On January 10th, the Governor announced his 2013-14 proposed budget which includes $138.6 billion in General Fund spending (a 4.5% increase from 2012-13) and which shows surpluses through 2016-17. The Governor’s office feels that due to improvements in the economy, prior year belt tightening, and the recent passage of Propositions 30 and 39, this financial forecasting is warranted. However, with the appearance of a balanced budget, there are still questions about the level at which the economy is recovering, the unfunded liabilities from future pension payouts, and ongoing education funding.
The passage of Proposition 30 this past November dubbed the “Schools and Local Public Safety Protection Act of 2012”, increases sales and use taxes along with increases in personal income taxes. The increase in sales and use tax will be in effect from 2013 through 2016 and the personal income tax will be in effect from 2013 through 2018. The funds generated from these tax increases are expected to play a large part in the balanced budget expectations, but because both tax increases are based on an improving economy, a “real” amount of this tax revenue will not be known for some time.
Back in October, 2012, I wrote about Propositions 30 and 38’s focus on educational funding and their lack of provision to protect the funds already going to schools. I pointed out in that article that the California Lottery was supposed to help fund education and now I am pointing out another financial guarantee for education, Proposition 98’s minimum funding for education.
In 1988, voters approved Proposition 98 which guaranteed a minimum funding level for California’s K-12 and community colleges. It was supposed to set a minimum level of annual funding for education and guaranteed funding amount increases by the growth in the economy as measured by per capita personal income. However, our state lawmakers were able to work their magic on Proposition 98 by “kicking the can down the road” by the required 2/3 vote and were able to defer about $10 billion between 2007-08 and 2011-12 fiscal years by borrowing from the so-called “guaranteed” funding. As a result of deferred funding, education in California has suffered by reduced days of instruction, teacher layoffs, and reducing or eliminating programs and maintenance. The Governor’s budget proposes that the deferrals will be eliminated by 2017-18. Should we hold our breath for that to happen?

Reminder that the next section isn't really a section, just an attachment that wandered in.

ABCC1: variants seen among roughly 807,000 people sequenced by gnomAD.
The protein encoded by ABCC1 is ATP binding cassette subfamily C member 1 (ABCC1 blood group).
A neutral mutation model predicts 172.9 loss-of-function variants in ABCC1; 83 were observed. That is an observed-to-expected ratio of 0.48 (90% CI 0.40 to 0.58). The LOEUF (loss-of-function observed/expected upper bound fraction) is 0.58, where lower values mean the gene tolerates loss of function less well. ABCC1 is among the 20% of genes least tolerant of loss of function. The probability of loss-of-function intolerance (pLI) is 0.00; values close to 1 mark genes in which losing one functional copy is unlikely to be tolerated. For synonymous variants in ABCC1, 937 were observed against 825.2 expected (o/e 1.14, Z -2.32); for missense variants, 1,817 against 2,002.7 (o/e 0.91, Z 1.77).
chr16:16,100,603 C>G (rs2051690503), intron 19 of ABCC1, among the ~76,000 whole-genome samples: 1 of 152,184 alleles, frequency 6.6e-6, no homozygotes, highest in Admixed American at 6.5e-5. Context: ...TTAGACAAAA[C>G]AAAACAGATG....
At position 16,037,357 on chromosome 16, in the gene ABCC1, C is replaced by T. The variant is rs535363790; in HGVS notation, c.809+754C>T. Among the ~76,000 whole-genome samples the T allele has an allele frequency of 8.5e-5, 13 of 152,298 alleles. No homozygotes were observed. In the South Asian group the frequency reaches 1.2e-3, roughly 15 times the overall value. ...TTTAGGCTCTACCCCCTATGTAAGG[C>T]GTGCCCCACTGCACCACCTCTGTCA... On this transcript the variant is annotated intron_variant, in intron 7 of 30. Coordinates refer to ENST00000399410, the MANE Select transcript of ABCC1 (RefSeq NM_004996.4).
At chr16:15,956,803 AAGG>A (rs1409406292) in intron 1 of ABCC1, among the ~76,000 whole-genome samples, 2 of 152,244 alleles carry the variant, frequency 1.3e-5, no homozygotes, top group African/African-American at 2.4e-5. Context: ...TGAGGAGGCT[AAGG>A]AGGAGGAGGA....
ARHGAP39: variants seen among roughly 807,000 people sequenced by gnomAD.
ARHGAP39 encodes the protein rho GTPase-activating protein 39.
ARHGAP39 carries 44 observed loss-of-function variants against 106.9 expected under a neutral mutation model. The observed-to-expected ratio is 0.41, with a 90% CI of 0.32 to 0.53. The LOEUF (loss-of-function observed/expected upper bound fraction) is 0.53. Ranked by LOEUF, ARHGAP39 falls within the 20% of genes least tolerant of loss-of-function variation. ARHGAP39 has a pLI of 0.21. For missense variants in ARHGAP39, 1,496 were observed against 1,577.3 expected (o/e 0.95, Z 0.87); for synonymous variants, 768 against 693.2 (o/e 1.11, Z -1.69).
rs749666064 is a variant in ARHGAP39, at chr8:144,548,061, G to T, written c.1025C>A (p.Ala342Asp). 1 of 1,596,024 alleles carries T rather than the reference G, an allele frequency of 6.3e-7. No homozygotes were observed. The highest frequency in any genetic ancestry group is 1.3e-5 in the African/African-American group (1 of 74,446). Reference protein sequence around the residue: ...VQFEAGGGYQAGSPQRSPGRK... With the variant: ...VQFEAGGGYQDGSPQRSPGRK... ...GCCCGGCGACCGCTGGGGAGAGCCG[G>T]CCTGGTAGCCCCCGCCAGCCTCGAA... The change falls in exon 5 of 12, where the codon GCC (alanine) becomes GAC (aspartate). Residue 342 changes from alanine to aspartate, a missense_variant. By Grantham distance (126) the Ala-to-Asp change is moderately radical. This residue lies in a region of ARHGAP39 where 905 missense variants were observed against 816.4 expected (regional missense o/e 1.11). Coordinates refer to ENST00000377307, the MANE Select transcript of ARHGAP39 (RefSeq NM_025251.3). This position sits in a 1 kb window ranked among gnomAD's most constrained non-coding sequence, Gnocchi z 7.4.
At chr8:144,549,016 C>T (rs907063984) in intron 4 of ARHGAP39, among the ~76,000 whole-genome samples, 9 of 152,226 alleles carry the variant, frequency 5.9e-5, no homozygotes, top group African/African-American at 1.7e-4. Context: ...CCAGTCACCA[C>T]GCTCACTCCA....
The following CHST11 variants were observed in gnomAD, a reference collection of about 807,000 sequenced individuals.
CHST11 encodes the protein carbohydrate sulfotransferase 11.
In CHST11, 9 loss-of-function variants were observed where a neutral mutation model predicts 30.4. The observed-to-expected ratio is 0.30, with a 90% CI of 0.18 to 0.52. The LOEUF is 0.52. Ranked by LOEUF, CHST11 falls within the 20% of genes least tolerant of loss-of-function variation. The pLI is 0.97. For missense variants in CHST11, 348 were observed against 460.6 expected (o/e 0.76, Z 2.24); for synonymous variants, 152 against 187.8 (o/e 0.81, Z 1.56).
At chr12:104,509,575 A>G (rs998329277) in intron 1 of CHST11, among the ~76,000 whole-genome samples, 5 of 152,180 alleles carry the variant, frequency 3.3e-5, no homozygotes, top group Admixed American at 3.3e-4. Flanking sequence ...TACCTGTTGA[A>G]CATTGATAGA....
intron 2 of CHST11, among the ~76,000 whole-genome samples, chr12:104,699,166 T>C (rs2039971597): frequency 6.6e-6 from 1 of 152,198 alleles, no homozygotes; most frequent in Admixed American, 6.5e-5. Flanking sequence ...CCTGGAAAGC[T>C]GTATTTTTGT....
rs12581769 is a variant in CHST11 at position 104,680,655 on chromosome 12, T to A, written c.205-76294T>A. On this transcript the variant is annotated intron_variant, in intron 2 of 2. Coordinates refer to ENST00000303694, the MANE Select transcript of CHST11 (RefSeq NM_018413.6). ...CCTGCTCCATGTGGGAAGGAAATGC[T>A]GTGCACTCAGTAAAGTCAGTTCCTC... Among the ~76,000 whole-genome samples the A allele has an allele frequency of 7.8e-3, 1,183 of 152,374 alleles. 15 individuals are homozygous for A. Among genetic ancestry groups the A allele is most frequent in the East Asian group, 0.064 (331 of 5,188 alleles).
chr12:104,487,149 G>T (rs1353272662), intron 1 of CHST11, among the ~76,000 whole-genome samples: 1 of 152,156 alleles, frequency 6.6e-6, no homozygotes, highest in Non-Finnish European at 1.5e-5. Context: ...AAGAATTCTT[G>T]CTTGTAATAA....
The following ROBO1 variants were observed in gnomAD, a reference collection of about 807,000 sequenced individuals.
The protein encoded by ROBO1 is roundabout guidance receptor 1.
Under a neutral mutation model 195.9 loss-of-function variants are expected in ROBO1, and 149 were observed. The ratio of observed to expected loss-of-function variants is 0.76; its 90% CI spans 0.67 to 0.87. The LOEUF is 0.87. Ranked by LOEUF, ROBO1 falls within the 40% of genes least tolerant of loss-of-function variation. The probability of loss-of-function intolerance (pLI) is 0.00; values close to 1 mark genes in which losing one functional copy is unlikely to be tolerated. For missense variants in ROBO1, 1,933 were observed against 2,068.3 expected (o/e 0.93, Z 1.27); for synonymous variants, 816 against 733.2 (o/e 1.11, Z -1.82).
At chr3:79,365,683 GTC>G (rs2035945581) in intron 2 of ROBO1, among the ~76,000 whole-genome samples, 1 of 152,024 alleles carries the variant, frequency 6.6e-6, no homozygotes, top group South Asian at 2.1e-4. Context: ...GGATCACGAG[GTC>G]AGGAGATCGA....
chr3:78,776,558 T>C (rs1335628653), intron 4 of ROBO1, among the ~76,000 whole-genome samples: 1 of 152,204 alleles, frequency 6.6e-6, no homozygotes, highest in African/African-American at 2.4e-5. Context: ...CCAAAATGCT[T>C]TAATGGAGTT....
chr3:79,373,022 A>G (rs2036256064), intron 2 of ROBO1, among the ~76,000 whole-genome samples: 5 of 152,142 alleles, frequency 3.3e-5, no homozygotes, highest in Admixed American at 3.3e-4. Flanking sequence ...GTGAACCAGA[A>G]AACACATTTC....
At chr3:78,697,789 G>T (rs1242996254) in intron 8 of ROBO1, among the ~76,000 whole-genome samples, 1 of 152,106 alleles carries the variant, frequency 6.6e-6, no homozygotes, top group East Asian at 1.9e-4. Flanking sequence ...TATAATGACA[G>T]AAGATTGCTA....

I remain concerned about the California educational system in general and for our future generations and their ability to compete from an educational level. My concerns are based on multiple issues:
• With the aging “baby-boomers” in our educational system and with their eyes on retirement, looming unfunded pensions will have to be addressed sooner rather than later by hiding the debt in a bigger can to kick down the road.
• California has an overall state ranking in the bottom third of the nation when measured by educational policy and performance yet we plan to spend over $56 billion on education in the next fiscal year. How much will it take for us to reach the top third?
• The proposed budget suggests we spend $56 billion (40% of the proposed budget) on education. I have not heard or read of any initiative to validate that we are spending those funds efficiently or effectively.
• With the dissolution of Redevelopment Agencies, affordable housing has now become a larger local issue. We have retirees from the California educational system collecting pensions in excess of $200,000 per year yet we are looking for new methods of funding for affordable housing for our teachers, the ones who interact with our youth on a daily basis and one of the groups most in need of relief from our expensive housing market.
• The State was able to defer Proposition 98 “guaranteed” education funding. What is to prevent Sacramento from “kicking the can down the road” again?
I do believe that the proposed budget is attempting to address and fix the educational funding issues. The problem is that the “hole” has been growing in size for many years and will in all probability take many years to fill assuming a continuing and prosperous economy. I also realize that there are many holes to fill and simply deferring their solutions to future generations is inexcusable and embarrassing for our generation.
I would appreciate your comments on this and other issues by emailing me at firstname.lastname@example.org or by phone 650-573-7359.
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